Dir. Lee Kang-Sheng. Taiwan. 2003. 84 min.

Sharing the top award in Pusan's New Currents competition, the debut of actor Lee Kang-Sheng as writer and director indicates beyond doubt that he shares the visual and spiritual world of his mentor and friend, Tsai Ming-Liang, in whose films he has regularly appeared for the last 12 years. A slow, moody, intimate, highly stylised picture about a woman looking for her grandson and an adolescent searching for his grandfather, this is probably a less ambitious but no less poignant replica of a Tsai Ming-Liang picture in every detail. As such, it will be eagerly embraced by festivals and art circuits for its minimalist, demanding kind of cinema and his introverted, pessimistic portrait of the world around him.

An old woman takes her three-year-old old grandson to play in the park and leaves him for a minute in the care of a small girl to rush to the toilet - but when she comes back he has vanished, probably in the company of an old man who was sitting nearby. For the rest of the film, she despondently searches first the park, then the entire city, trying to find him.

At the same time, a teenager who spends most of his time in a video arcade, comes home to find the staircase leading to the flat he shares with his grandfather covered with shreds of newspapers announcing new plagues, while the TV set blares out instructions on how to deal with the SARS epidemic. However the old man himself is missing.

Most of the first part of the film is taken up by the search for the lost grandson, with a few inter-cuts showing the young man absorbed by the vile-looking video games he plays. The last third mainly follows the adolescent looking for his grandfather, inter-cut once in a while with the terrified old woman who refuses to lose hope. Though there is no evident relation between the two stories, they converge at the end in an affecting finale.

Dedicated to the memory of Lee's father who recently passed away, the film is first and foremost an expression of the profound sense of loss experienced by the old woman and the young man, as different as they are from each other. Together they share a pain, longing and fear of loneliness, which those around them who are not touched by events can at best politely sympathise with - but never truly participate in. There is also the portrait, very closely related to Tsai Ming-Liang's intimate universe, of the world as a vale of tears, ravaged by catastrophe and devastated by personal tragedies.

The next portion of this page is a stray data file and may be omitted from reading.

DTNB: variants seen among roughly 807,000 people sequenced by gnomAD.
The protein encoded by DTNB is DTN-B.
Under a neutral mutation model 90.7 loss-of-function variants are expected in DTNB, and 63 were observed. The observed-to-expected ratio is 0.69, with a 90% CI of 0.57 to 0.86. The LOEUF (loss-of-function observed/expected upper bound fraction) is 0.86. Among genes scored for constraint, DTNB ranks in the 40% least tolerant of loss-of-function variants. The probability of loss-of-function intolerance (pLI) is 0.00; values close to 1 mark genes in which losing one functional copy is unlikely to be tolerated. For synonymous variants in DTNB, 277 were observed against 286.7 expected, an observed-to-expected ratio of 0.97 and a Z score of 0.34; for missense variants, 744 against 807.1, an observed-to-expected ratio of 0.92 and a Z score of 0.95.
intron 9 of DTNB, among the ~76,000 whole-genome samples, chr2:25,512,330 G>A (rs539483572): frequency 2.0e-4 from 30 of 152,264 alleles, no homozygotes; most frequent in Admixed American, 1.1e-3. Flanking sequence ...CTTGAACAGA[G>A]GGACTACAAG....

Tsai aficionados will recognise here not only the actors featured in most of his films and the names of his regular technical crew, but also some of his works' emotions: the solitude of the characters coming to the forefront in public places like parks (which are supposed to bring people together but don't); or the cold, desolate feeling of living in an indifferent world. The latter is manifested via several methods, whether directly to the film's protagonists or in accidental encounters they have on the way, like the video arcade manager ignored by passers-by when he collapses in the street.

Other elements also point at all these clearly point at Tsai's kind of cinema, including the almost complete lack of dialogues, shots that go on forever, the absence of background music before the final song (the melancholy Little Clay Doll) and the sound effects that help tell the story. Then there is the cold artificial light of neon and VDUs and characters' personal obsessions with water, goldfish and public lavatories.

Several of the scenes that are framed like still life paintings, but this is to denigrate on Lee's aptitudes, for his camera moves with confidence. One very long take of the grandmother, amazingly portrayed by Lu Yi-Ching, conveys a particular intensity. The old woman, who has despair etched in every pore, dashes through the park, despondently runs from one corner of the playground to another, sometimes disappearing behind trees, objects and crowds of people but is unerringly picked up by the camera every time she comes back into sight again. Over the scene, which comes half an hour into the film, play the sound of the park and the bewildered woman's moaning. There is nothing to match it for the next hour, but luckily, the final sequence, equally remarkable, carries a similar kind of wallop.

Prod co/int'l sales: Homegreen Films
Prod: Liang Hung-Chih
Exec prod:
Tsai Ming-Liang
Lee Kang-Sheng
Liao Pen-Jung
Chen Sheng-Chang
Prod des:
Lue Li-Chin
Sun Huei-Mei
Sound des:
Du Tuu-Chih
Tang Hsiang-Chu
Main cast:
Lu Yi-Ching, Miao Tien, Chang Chea